Hearsay

Faculty short takes

“Politics and Corporate Money”

Professor Lucian Bebchuk LL.M. ’80 S.J.D. ’84
Project Syndicate
Sept. 20, 2010

Illustration
Adam McCauley

“A recent decision issued by the United States Supreme Court expanded the freedom of corporations to spend money on political campaigns and candidates. … This raises well-known questions about democracy and private power, but another important question is often overlooked: who should decide for a publicly traded corporation whether to spend funds on politics, how much, and to what ends? … The interests of directors, executives, and dominant shareholders with respect to such decisions may often diverge significantly from those of public investors.

“Legal rules allowing corporations to spend on politics are premised on the view that expression of corporations’ positions has a legitimate role in the political marketplace. But a corporation’s wishes should not be automatically and necessarily equated with those of its management. That is why we need new legislation to ensure that the use of corporate funds in politics does not stray from the interests of shareholders.”

“Imagining a Liberal Court”

Professor Noah Feldman
The New York Times Magazine
June 24, 2010

Illustration
Adam McCauley

“[P]rogressive constitutional thought must discover (or rediscover) a core set of beliefs about the right relationship between government, the individual and the powerful corporate entities that operate under the umbrella of the market. Reregulation, embraced by the Obama administration to address a range of serious economic and environmental dangers, demands its own set of constitutional explorations and explanations. A truly progressive constitutional project needs to go beyond simply upholding regulations challenged in court. It demands that the Supreme Court and other bodies acknowledge the government’s responsibility to protect our democracy from the harmful side effects of all-powerful markets.”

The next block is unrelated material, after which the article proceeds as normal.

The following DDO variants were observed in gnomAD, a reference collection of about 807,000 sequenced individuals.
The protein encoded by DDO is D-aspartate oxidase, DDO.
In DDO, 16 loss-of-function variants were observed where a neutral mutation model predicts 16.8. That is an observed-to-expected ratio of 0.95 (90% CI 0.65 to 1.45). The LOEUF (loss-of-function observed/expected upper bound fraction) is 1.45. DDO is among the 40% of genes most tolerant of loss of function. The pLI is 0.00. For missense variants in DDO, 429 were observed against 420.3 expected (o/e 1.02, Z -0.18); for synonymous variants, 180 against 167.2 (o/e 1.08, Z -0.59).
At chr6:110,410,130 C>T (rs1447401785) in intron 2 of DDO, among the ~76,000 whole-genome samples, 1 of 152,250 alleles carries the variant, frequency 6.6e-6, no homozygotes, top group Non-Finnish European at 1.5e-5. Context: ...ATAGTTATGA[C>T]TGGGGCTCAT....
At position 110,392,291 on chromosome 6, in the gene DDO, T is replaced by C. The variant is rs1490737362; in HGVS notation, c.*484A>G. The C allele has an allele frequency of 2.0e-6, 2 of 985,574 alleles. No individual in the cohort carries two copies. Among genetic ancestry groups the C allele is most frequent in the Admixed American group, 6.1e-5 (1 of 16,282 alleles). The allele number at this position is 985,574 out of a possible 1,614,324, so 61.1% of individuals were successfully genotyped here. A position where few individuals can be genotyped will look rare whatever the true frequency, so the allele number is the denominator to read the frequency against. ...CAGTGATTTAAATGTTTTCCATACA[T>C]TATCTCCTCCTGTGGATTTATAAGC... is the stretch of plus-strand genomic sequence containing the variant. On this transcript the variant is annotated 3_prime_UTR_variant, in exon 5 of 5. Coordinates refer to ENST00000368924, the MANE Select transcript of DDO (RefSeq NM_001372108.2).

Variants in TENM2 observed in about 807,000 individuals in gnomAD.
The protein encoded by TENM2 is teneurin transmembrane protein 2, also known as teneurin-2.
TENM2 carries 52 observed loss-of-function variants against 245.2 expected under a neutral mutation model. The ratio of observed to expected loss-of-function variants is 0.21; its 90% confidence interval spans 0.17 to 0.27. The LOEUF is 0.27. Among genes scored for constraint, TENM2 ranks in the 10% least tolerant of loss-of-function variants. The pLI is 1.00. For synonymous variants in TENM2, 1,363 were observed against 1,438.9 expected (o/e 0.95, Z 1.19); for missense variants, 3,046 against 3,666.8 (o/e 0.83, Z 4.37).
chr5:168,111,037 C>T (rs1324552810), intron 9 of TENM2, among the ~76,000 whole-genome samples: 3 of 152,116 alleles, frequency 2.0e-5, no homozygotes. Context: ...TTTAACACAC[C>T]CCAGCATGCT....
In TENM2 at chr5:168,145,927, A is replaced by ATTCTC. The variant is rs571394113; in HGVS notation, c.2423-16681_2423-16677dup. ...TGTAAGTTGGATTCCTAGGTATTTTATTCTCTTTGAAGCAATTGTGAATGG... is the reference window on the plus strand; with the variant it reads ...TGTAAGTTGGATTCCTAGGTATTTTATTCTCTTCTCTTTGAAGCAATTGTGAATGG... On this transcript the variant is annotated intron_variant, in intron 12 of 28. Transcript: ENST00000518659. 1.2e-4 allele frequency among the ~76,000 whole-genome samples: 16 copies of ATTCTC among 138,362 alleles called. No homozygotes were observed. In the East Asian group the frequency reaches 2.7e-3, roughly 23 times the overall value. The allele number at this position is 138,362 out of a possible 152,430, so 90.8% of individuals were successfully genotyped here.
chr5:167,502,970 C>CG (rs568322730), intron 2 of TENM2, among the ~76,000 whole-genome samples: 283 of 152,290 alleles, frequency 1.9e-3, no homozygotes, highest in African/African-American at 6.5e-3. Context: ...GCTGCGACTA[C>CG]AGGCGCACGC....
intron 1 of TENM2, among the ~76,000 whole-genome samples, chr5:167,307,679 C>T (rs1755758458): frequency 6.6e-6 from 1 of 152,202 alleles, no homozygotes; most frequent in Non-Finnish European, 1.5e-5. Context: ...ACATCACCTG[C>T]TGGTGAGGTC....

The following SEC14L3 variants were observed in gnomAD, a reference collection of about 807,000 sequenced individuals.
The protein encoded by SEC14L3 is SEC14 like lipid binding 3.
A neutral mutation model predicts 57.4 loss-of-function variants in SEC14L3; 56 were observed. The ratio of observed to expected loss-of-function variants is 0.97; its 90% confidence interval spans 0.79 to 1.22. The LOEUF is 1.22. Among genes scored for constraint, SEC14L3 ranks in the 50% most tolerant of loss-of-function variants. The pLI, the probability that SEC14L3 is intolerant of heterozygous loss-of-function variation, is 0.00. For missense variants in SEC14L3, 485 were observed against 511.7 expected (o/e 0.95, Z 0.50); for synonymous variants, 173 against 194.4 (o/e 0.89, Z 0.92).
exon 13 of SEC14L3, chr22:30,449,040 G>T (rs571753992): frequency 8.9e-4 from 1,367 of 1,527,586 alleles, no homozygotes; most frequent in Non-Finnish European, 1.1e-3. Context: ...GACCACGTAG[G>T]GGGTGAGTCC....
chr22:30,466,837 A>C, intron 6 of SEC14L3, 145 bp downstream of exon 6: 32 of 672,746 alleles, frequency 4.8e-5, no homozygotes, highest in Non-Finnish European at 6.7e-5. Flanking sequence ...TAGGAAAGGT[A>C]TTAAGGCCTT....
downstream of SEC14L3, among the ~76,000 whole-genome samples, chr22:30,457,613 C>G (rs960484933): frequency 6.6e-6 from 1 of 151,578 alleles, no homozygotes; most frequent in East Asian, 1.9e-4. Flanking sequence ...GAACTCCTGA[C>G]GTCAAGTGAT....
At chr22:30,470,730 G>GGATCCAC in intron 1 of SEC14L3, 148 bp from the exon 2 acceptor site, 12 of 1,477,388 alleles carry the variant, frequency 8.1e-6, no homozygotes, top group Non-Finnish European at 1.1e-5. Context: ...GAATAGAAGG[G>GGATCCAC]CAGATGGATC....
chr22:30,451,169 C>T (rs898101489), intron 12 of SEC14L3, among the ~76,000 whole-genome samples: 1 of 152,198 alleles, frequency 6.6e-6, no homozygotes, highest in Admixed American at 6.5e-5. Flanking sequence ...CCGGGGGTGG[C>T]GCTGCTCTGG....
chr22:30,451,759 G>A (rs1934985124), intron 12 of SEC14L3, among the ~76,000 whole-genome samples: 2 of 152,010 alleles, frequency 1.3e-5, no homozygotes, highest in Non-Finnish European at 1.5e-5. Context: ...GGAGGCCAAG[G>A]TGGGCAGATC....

“Our Nation’s Secrets, Stuck in a Broken System”

Professor Jack Goldsmith
The Washington Post
Oct. 22, 2010

Illustration
Adam McCauley

“Bob Woodward’s ‘Obama’s Wars’ contains remarkable revelations about the inner workings of the administration’s national security team and the development of its policy on Afghanistan and Pakistan. Equally remarkable is how much classified information is in these revelations—so much classified information, in fact, that it calls into question the legitimacy of the presidential secrecy system. …

“The Woodward disclosures are especially incongruous because the Obama Justice Department is engaged in an unprecedented number of prosecutions of lower-level officials for their disclosures of classified information. An attorney for Stephen Jin-Woo Kim, one official under indictment, has said this month that Kim will challenge his indictment in light of top officials leaking classified material to Woodward. This legal strategy is not likely to succeed. But the optics for the government, to put it mildly, are not good.”

“Schumer’s Project Runway”

Professor Jeannie Suk ’02 and C. Scott Hemphill
The Wall Street Journal
Aug. 24, 2010

Illustration
Adam McCauley

“Congress has for several years considered adding fashion design to the copyright laws. But previous bills were thought to protect too much—failing to acknowledge that almost all fashion designs, whether classic or cutting edge, are inspired to some degree by the works of other designers. A law prohibiting similarity in fashion would be like banning fashion itself.

“Sen. Charles Schumer (D., N.Y.) introduced a bill earlier this month that attempts to get around this problem. It prohibits only design copies that are substantially identical. In layman’s terms, a good way to tell if a copy should be allowed is to ask whether it fails the ‘squint test’: If you need to squint to see the difference between two designs, then one is an infringing copy of the other.”


Next: Faculty Laurels